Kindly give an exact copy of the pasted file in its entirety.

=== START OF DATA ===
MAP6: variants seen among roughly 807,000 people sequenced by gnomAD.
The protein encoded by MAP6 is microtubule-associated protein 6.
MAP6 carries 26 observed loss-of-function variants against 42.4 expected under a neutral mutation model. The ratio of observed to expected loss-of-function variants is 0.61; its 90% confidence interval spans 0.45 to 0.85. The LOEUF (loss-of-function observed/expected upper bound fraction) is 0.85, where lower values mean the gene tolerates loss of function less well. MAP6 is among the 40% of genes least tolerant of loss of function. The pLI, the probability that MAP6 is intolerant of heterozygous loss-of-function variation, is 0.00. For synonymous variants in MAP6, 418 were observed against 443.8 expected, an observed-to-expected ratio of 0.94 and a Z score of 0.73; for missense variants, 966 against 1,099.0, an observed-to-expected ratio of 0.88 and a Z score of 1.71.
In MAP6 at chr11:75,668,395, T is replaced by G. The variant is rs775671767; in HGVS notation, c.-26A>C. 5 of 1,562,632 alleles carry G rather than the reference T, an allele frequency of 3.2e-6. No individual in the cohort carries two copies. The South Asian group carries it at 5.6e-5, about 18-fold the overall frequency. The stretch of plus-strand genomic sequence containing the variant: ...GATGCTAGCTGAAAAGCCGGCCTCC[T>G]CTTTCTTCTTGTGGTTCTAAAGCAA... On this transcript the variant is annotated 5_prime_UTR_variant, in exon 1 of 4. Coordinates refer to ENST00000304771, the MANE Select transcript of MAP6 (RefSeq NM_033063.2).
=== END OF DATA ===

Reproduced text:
MAP6: variants seen among roughly 807,000 people sequenced by gnomAD.
The protein encoded by MAP6 is microtubule-associated protein 6.
MAP6 carries 26 observed loss-of-function variants against 42.4 expected under a neutral mutation model. The ratio of observed to expected loss-of-function variants is 0.61; its 90% confidence interval spans 0.45 to 0.85. The LOEUF (loss-of-function observed/expected upper bound fraction) is 0.85, where lower values mean the gene tolerates loss of function less well. MAP6 is among the 40% of genes least tolerant of loss of function. The pLI, the probability that MAP6 is intolerant of heterozygous loss-of-function variation, is 0.00. For synonymous variants in MAP6, 418 were observed against 443.8 expected, an observed-to-expected ratio of 0.94 and a Z score of 0.73; for missense variants, 966 against 1,099.0, an observed-to-expected ratio of 0.88 and a Z score of 1.71.
In MAP6 at chr11:75,668,395, T is replaced by G. The variant is rs775671767; in HGVS notation, c.-26A>C. 5 of 1,562,632 alleles carry G rather than the reference T, an allele frequency of 3.2e-6. No individual in the cohort carries two copies. The South Asian group carries it at 5.6e-5, about 18-fold the overall frequency. The stretch of plus-strand genomic sequence containing the variant: ...GATGCTAGCTGAAAAGCCGGCCTCC[T>G]CTTTCTTCTTGTGGTTCTAAAGCAA... On this transcript the variant is annotated 5_prime_UTR_variant, in exon 1 of 4. Coordinates refer to ENST00000304771, the MANE Select transcript of MAP6 (RefSeq NM_033063.2).